Perhaps you, like me, have by now grown weary of and even bored by the word "change." My feeling is, stop talking about it and bring it on. The interregnum between November’s election and January’s inauguration is not President-elect Obama’s fault, of course, but lately I’ve begun to think that revisiting this whole elect-then-wait deal might not be a bad idea. The British and Canadians don’t wait — why do we?
Well anyway — a change is gonna come and all that. And one of the changes of landscape the American meat industry will see over the next few years, I think, will be a resurgent labor movement. But before you dust off the old how-to-survive-a-strike handbook your attorneys gave you 30 years ago, consider that today’s United Food and Commercial Workers, which is our industry’s chief union, is not yesterday’s.
You might find that hard to believe. One of 2008’s most noteworthy union elections capped a long, ugly battle at Smithfield Foods’ plant in Tar Heel, N.C. The election gave UFCW a victory, but the Tar Heel battle was more a final echo of the past – that’s why it was so bitter -- than it was a call from the future. If you want an indication of the true future of labor-management debate and negotiation in our industry, the better example than Tar Heel is what happened this past fall at the Swift & Co. beef plant in Hyrum, Utah.
The union began talking to workers there after some other Swift plants (all of which are represented by UFCW) had been raided by black-suited, bulletproof-vested agents from the federal Department of Homeland Security’s Immigration and Customs Enforcement Service (ICE) on the hunt for plant employees who might be working in this country without proper documentation. Union leaders made an effective case that should such a frightening raid occur in Hyrum, UFCW was the best hope the hourly employees had for protection and assistance, as UFCW had proven at the other Swift operations.
Both the union and Swift’s management share the opinion that these ICE raids disrupt operations (most raided plants lose at least 48 hours of production) and terrorize workers and that they must stop. The federal government cannot wage war against a legitimate industry. The immigration system is broken, yes, but punishing an industry for the failure of political leadership is stupid, unethical and sickening. Our government ought to be better than that.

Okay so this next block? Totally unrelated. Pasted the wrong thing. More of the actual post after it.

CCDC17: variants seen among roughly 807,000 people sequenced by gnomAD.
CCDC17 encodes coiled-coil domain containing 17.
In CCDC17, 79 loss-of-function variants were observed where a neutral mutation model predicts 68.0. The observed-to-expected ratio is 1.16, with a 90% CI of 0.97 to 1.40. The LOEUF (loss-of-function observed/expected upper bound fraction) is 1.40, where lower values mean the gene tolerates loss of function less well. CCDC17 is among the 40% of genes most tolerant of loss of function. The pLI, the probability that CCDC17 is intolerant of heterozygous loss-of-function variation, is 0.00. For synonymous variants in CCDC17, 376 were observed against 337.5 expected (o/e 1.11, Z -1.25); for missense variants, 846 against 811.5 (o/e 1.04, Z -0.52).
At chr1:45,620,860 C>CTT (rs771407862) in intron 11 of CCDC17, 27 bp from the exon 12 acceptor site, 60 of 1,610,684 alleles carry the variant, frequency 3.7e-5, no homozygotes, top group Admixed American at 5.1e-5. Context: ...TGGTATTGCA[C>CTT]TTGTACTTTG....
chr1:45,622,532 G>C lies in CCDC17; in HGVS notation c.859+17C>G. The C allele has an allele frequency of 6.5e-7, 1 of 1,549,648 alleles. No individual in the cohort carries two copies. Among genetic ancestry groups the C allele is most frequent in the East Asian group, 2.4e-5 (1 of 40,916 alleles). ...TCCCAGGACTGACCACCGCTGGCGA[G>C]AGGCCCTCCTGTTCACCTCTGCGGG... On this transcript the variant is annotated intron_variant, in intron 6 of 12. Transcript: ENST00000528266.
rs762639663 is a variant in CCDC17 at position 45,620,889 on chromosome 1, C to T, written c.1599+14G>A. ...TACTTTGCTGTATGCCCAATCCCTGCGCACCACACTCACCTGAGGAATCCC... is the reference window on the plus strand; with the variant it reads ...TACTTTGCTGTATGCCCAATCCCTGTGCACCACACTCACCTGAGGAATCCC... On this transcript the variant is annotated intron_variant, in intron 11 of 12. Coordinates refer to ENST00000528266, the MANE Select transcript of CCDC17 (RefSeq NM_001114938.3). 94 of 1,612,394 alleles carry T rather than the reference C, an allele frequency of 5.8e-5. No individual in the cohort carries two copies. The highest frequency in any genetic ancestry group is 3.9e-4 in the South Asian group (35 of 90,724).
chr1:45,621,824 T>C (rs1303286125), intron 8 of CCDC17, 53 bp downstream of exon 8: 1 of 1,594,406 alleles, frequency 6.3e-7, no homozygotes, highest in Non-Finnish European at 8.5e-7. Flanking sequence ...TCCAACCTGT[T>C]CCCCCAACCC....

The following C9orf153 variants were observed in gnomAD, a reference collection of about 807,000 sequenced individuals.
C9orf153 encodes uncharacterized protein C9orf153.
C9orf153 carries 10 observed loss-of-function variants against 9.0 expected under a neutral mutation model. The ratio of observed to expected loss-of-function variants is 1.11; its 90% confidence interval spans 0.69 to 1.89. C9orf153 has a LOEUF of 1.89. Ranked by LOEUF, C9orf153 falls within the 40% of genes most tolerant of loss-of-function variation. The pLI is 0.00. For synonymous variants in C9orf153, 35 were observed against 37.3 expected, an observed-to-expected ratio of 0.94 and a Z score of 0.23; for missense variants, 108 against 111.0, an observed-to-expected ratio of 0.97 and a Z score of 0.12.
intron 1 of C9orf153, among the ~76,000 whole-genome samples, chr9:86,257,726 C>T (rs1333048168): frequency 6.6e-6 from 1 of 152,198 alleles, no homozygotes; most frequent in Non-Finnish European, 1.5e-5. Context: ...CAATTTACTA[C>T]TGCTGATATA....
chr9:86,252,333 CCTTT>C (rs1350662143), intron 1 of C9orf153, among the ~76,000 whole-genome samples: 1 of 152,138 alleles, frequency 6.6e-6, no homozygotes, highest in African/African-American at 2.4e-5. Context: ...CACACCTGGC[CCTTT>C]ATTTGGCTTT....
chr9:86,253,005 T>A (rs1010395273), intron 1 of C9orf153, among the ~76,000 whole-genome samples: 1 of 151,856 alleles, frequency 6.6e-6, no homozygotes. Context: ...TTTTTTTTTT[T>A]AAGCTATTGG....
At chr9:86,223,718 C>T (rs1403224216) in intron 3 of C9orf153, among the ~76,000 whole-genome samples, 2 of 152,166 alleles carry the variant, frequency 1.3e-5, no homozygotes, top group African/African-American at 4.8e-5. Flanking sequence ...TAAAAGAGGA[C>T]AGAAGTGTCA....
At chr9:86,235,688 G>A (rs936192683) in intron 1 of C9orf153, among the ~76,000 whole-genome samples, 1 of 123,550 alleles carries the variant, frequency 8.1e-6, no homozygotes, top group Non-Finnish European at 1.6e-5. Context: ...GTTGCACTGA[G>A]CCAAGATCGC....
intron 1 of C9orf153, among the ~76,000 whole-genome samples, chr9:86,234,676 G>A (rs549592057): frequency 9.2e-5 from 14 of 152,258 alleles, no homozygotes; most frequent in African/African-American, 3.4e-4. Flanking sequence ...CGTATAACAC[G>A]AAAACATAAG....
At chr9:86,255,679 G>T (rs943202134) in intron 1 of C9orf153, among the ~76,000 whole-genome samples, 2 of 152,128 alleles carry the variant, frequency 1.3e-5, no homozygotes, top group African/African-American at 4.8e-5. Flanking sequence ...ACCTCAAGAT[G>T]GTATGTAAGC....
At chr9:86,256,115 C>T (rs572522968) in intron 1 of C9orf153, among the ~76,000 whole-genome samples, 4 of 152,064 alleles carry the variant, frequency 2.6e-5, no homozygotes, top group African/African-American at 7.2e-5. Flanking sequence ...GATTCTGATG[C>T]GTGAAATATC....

Most company executives I’ve spoken with say they support the federal E-verify program for validating employee documentation – but they do so only reluctantly and only because there’s no other choice available. These executives don’t want to be responsible for policing who’s a citizen and who isn’t; they want to be responsible for running safe, efficient meat plants. Union leaders I’ve spoken with say they understand the industry’s need for immigrant labor — this need is woven throughout the industry’s history, after all. They say they also recognize the price pressure companies are under, not to mention the regulatory pressure from USDA. They understand how these forces impact wages and benefits. But there is still room to negotiate.
Safe, efficient meat plants are in everyone’s interest. The industry’s leadership – the leaders who wear suits and ties as well as the leaders who wear hardhats, hairnets and smocks — share the goal of a thriving, sustainable industry. Joe Hanson, president of UFCW, told me in October: "What good is it for us if a company goes out of business? That just hurts everybody." I think the change that has already begun in our industry is the change in attitude that has brought the union’s leadership and management to the table in, first, agreement.
So a change isn’t gonna come, not in the U.S. meat industry, because in terms of the union-management relationship it’s already here. Indeed, President Obama and, if confirmed, new Secretary of Labor Hilda Solis can make great us of the new template for labor-management relations our industry has established. If that isn’t a change from the past, and change we can believe in, I don’t know what is.
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